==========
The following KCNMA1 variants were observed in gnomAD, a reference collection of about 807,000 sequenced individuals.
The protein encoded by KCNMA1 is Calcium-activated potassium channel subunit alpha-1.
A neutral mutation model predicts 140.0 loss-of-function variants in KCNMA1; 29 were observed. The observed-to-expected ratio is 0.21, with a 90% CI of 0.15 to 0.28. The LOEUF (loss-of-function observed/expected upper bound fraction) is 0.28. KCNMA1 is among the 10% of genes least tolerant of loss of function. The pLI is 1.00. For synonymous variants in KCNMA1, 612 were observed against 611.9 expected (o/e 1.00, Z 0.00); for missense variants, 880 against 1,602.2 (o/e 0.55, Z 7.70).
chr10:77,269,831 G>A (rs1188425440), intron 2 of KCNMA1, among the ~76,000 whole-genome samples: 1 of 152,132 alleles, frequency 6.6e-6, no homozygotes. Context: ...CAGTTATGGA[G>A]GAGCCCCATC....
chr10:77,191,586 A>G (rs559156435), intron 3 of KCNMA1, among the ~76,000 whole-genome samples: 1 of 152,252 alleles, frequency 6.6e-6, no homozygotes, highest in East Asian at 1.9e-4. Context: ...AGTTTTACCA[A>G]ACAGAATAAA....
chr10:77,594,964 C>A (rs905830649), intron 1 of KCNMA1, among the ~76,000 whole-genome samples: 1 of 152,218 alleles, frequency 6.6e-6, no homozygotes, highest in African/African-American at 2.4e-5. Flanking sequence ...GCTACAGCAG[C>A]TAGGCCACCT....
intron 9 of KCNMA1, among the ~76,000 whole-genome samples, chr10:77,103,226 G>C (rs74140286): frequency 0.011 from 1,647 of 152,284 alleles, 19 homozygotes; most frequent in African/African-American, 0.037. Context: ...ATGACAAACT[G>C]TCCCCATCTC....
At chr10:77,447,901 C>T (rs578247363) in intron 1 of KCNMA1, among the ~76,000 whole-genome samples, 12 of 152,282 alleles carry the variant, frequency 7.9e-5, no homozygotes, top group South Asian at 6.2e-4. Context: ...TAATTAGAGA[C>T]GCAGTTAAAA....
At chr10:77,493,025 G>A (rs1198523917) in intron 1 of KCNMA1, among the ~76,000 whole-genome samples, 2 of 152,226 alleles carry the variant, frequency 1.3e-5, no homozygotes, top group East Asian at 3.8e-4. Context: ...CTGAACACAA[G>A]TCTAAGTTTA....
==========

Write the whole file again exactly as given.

The following KCNMA1 variants were observed in gnomAD, a reference collection of about 807,000 sequenced individuals.
The protein encoded by KCNMA1 is Calcium-activated potassium channel subunit alpha-1.
A neutral mutation model predicts 140.0 loss-of-function variants in KCNMA1; 29 were observed. The observed-to-expected ratio is 0.21, with a 90% CI of 0.15 to 0.28. The LOEUF (loss-of-function observed/expected upper bound fraction) is 0.28. KCNMA1 is among the 10% of genes least tolerant of loss of function. The pLI is 1.00. For synonymous variants in KCNMA1, 612 were observed against 611.9 expected (o/e 1.00, Z 0.00); for missense variants, 880 against 1,602.2 (o/e 0.55, Z 7.70).
chr10:77,269,831 G>A (rs1188425440), intron 2 of KCNMA1, among the ~76,000 whole-genome samples: 1 of 152,132 alleles, frequency 6.6e-6, no homozygotes. Context: ...CAGTTATGGA[G>A]GAGCCCCATC....
chr10:77,191,586 A>G (rs559156435), intron 3 of KCNMA1, among the ~76,000 whole-genome samples: 1 of 152,252 alleles, frequency 6.6e-6, no homozygotes, highest in East Asian at 1.9e-4. Context: ...AGTTTTACCA[A>G]ACAGAATAAA....
chr10:77,594,964 C>A (rs905830649), intron 1 of KCNMA1, among the ~76,000 whole-genome samples: 1 of 152,218 alleles, frequency 6.6e-6, no homozygotes, highest in African/African-American at 2.4e-5. Flanking sequence ...GCTACAGCAG[C>A]TAGGCCACCT....
intron 9 of KCNMA1, among the ~76,000 whole-genome samples, chr10:77,103,226 G>C (rs74140286): frequency 0.011 from 1,647 of 152,284 alleles, 19 homozygotes; most frequent in African/African-American, 0.037. Context: ...ATGACAAACT[G>C]TCCCCATCTC....
At chr10:77,447,901 C>T (rs578247363) in intron 1 of KCNMA1, among the ~76,000 whole-genome samples, 12 of 152,282 alleles carry the variant, frequency 7.9e-5, no homozygotes, top group South Asian at 6.2e-4. Context: ...TAATTAGAGA[C>T]GCAGTTAAAA....
At chr10:77,493,025 G>A (rs1198523917) in intron 1 of KCNMA1, among the ~76,000 whole-genome samples, 2 of 152,226 alleles carry the variant, frequency 1.3e-5, no homozygotes, top group East Asian at 3.8e-4. Context: ...CTGAACACAA[G>A]TCTAAGTTTA....